Well well well, what do we have here? This device looks as if it is the Playstation Phone that never came to fruition. Sony was apparently out to show it still has some tricks up its sleeve back in 2010 by filing a patent for not one, but two sliders on its devices such as the Xperia Play. Many of you are wondering why in the world Sony would file a patent for two sliding keyboards. Basically, Sony was interested in creating a technology that allows for a separate gamepad and full QWERTY keyboard, so it filed for patent approval with the USPTO which is described as:
“A device comprising: an upper unit having a display screen thereon; a first slidable unit having a first keypad thereon, the first slidable unit being slidably connected to the upper unit on a side opposite the display screen, the first slidable unit being movable between a closed position in which the upper unit generally overlies the first keypad and an open position in which the first keypad is positioned generally adjacent the display screen; and a second slidable unit having a second keypad thereon, the second slidable unit being slidably connected to the upper unit and the first slidable unit; the second slidable unit being movable between a closed position in which the upper unit generally overlies the second keypad and an open position in which the second keypad is positioned generally adjacent the display screen”
Hello friends, we have the first idea and glimpse of what will be the new standard-bearer for entry-level smartphones. The long-rumored Sony ST21i (also known as “Tapioca”) looks to be the newest addition to the Xperia family. It was recently outed by tech blog Techblog.gr and reveals an impressive design of the device. As you can see, the ST21i seems to be based off its big brother the Xperia S and will have 3 capacative buttons on the front. In addition, the Android 4.0-powered smartphone will feature:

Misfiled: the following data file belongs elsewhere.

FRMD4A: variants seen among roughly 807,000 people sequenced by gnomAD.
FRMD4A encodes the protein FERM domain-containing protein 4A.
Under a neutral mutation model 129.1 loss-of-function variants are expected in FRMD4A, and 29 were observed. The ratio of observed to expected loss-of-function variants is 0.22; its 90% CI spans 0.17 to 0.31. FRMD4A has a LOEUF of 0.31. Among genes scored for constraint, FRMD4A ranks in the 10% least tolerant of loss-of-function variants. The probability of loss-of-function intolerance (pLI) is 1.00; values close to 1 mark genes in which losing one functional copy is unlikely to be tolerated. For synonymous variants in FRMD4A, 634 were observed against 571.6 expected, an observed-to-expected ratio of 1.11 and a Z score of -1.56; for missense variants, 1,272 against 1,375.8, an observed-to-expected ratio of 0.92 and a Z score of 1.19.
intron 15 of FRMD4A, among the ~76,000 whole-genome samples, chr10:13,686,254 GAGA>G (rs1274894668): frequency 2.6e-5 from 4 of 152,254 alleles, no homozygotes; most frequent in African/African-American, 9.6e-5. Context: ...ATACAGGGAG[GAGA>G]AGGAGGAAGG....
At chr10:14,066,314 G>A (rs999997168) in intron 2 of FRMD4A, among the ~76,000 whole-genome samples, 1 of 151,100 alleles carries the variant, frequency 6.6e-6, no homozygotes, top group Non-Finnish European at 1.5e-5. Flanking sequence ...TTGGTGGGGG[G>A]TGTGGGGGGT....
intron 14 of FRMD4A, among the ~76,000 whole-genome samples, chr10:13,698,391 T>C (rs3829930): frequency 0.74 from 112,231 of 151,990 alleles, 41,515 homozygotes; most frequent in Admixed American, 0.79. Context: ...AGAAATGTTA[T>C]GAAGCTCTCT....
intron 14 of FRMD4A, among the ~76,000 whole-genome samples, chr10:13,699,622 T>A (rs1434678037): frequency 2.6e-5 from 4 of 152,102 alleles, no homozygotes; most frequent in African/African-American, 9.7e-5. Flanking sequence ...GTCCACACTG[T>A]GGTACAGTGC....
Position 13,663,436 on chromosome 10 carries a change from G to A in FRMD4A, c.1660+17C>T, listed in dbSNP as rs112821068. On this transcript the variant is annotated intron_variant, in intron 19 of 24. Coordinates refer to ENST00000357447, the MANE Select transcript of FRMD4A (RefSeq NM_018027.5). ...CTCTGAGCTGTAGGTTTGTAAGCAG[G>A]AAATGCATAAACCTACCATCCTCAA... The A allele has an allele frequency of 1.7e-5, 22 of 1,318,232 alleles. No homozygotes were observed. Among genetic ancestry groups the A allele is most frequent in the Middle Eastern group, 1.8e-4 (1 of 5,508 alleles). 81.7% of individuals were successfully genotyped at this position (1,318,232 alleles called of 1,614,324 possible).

- A 3.2-inch screen
- Qualcomm MSM7227 800MHz processor with an Adreno 200 GPU
- 512MB of RAM
- 3MP camera
There are no further details of the device for now, but we suspect it won’t be long before we have additional details. Hit the break for an additional shot of the intriguing entry-level device.
If you’re a motorcycle aficionado then you’ll know the Suzuki Hayabusa to have been the fastest production bike in the world when it hit the roads back in 1999. The Japanese superbike was a symbol of speed and power, capable of top speeds close to 200 mph. With that in mind, the Hayabusa badge is one that shouldn’t be worn lightly and it just happens to be the codename Sony is using for its next flagship smartphone.
We’re pleased to report that the rumoured spec sheet lives up to the name. The following is a list of headline specifications :
The above image is a prototype of the device and even more exciting is that it may be due to hit the shelves as early as this summer. This could be huge for Sony if the rumours are true. Would this device sway you away from a HTC One X or a Samsung Galaxy S III? Let us know your thoughts in the comments below.
source : Baidu Forum
A few days ago we got a sneak peak at Verizon’s Droid Does landing page for the Droid Incredible 4G. According to sources close to PhoneDog, the device may actually be released in just a couple weeks, on Thursday, May 10th. Unfortunately their sources don’t have any pricing information, but according to what we’ve already seen on the Droid Does website, it should be listed at $299.99 on contract. This is pretty standard fair for Verizon when they release a new Droid device.
As it goes with anything unofficial, we need to take this launch date with a grain of salt. Although the premature showing on the Droid Does website leads me to believe that the launch can’t be too far off, and May 10th is a Thursday which has historically been the day Verizon likes to launch phones. Luckily for us the 10th isn’t too far off and we should know more soon enough – we will keep you posted. Anyone looking to get this new Droid phone?
The Panasonic Eluga is now available unlocked via Expansys. Back in February right around Mobile World Congress time we posted an article about this water-resistant device. Stating that it was a very sleek, eye pleasing phone, but it left many visitors to the booth less than impressed. The Eluga is powered by a TI OMAP 4430 CPU. Specs also including a 4.3-inch qHD display, 1Gb RAM, 8Gb internal storage, and Gingerbread 2.3.5, with plans to upgrade to ICS.
This GSM device may not appeal to those state-side as it only runs on 2100MHz and 900MHz bands, which would only get you a decent 3G signal. As mentioned, it can be purchased unlocked at Expansys, at the price of £369 or $590 in the US. If you do purchase the Panasonic Eluga, let us know your thoughts on it in the comments.